On Not Being God
Uno had unprecedented difficulty eating his dinner last night. He bled a lot, too, not just bloody drool but thick maroon gobs. This was worse than his "normal" bad days. John and I cleaned him up and took a closer look at his mouth. There's a new tumor in there. It's the size of a robin's egg, distorting the line of his gum just behind the left canine and unmooring one of his remaining molars. And it looks like there's a third significant growth under his tongue, and the lower gum on his right has a scab-like anomaly resembling something I'd noticed on the left side did last week. No wonder he flinches when we try to wipe his mouth.
Damn it. We'd hoped we could at least keep him stable for a few more months. We've left a message with his regular vet, but we think when she calls back the topic of conversation will be the logistics of saying goodbye.
Lately - well, not today. Today, he's just burrowing under the covers and trying to stay unconscious. But in recent days he's taken to wandering the house as though looking for something, then returning to call out to me with that half-whine, half-baa word that makes up the bulk of his vocabulary. (He's never meowed or mewed. I don't think he's built for it. He mutters instead.) I'll look, and he'll stare back into my eyes with direct intent. It's clear he wants something from me. He's asking, pleading, for something. But it's not clear what.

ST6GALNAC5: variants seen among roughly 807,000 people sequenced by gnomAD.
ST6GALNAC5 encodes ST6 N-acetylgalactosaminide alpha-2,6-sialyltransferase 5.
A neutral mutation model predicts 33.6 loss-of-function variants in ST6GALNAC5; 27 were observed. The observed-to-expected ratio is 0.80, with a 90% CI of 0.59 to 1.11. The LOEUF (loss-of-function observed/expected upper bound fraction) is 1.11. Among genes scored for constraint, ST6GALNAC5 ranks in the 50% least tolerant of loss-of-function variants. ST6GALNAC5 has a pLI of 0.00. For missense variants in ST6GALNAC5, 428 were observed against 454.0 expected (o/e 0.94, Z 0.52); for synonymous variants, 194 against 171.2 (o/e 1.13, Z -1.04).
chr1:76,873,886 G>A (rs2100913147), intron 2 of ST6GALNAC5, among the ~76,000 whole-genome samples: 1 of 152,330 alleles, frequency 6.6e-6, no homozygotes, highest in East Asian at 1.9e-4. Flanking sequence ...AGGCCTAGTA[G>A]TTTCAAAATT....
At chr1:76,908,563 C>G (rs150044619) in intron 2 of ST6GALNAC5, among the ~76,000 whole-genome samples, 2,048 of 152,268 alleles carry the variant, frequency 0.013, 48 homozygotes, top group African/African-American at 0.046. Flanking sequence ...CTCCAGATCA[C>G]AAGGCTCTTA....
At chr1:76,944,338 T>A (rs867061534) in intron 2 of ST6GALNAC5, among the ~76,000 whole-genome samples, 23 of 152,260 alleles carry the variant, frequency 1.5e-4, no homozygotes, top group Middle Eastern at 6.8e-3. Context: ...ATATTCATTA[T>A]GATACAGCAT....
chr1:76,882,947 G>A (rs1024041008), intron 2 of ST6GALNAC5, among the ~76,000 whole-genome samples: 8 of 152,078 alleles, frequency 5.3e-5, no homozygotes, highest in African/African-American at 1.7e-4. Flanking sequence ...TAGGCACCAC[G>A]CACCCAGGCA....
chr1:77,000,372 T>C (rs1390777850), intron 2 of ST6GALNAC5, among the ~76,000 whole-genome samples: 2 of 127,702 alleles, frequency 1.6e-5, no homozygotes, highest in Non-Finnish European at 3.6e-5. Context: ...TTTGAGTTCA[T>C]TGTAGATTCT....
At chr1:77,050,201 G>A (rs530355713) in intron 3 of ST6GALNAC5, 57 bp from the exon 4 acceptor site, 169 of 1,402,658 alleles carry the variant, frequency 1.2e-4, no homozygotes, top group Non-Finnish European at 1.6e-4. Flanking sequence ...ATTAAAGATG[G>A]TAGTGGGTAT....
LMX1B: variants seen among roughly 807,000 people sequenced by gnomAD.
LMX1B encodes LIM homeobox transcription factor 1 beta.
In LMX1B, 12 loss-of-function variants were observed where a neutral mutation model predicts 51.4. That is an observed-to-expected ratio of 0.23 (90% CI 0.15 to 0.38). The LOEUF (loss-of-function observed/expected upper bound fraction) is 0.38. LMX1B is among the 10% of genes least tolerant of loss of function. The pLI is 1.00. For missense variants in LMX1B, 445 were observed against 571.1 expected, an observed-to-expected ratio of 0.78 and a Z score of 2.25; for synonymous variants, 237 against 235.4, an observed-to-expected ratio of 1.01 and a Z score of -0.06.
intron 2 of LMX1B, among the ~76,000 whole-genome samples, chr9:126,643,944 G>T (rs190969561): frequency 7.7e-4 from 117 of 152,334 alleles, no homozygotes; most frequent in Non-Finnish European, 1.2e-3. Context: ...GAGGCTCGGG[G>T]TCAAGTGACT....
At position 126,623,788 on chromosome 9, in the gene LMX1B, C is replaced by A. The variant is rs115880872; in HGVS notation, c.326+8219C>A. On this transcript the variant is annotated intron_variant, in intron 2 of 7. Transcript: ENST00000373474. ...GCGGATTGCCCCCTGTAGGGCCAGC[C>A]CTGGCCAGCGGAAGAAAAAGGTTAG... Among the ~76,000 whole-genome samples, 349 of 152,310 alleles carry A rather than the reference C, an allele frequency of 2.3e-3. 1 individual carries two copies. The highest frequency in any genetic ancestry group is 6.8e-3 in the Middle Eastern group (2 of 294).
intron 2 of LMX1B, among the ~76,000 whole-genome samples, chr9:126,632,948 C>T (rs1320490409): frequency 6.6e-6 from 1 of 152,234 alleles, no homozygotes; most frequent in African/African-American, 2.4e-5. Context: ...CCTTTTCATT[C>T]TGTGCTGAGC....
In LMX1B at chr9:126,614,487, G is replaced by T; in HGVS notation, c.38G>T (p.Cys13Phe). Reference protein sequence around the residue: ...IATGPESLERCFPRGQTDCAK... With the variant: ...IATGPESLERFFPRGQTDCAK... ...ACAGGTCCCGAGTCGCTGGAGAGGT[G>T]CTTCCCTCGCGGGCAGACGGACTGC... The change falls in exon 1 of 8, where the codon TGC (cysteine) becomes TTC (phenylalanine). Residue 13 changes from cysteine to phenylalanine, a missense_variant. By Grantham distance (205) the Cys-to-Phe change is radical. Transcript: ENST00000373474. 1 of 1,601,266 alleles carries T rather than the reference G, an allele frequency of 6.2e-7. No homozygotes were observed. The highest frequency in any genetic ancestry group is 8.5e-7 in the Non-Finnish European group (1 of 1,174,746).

I'm beginning to suspect the request is, "Ma? Can't you make it stop?"
These little creatures, they trust us implicitly to hold up the sky for them. And when we inevitably let them down, they don't blame us. They don't get angry. I don't think they even realize they've been let down. They just endure, waiting for us to eventually get around to fixing it. They know we can fix anything.
It's up to us humans to know that we've utterly failed them. It's not like there's anything we could have done, but that doesn't stop me feeling like a failure. I also know it's stupid to feel this way. So on top of feeling like a failure, I feel stupid.
But for Uno, it's very simple. Physical pain is simple. So is the comfort he gets from being near us. The emotional anguish of our unrealistic expectations of ourselves, that's a burden for us, not for him.
At least he's spared something.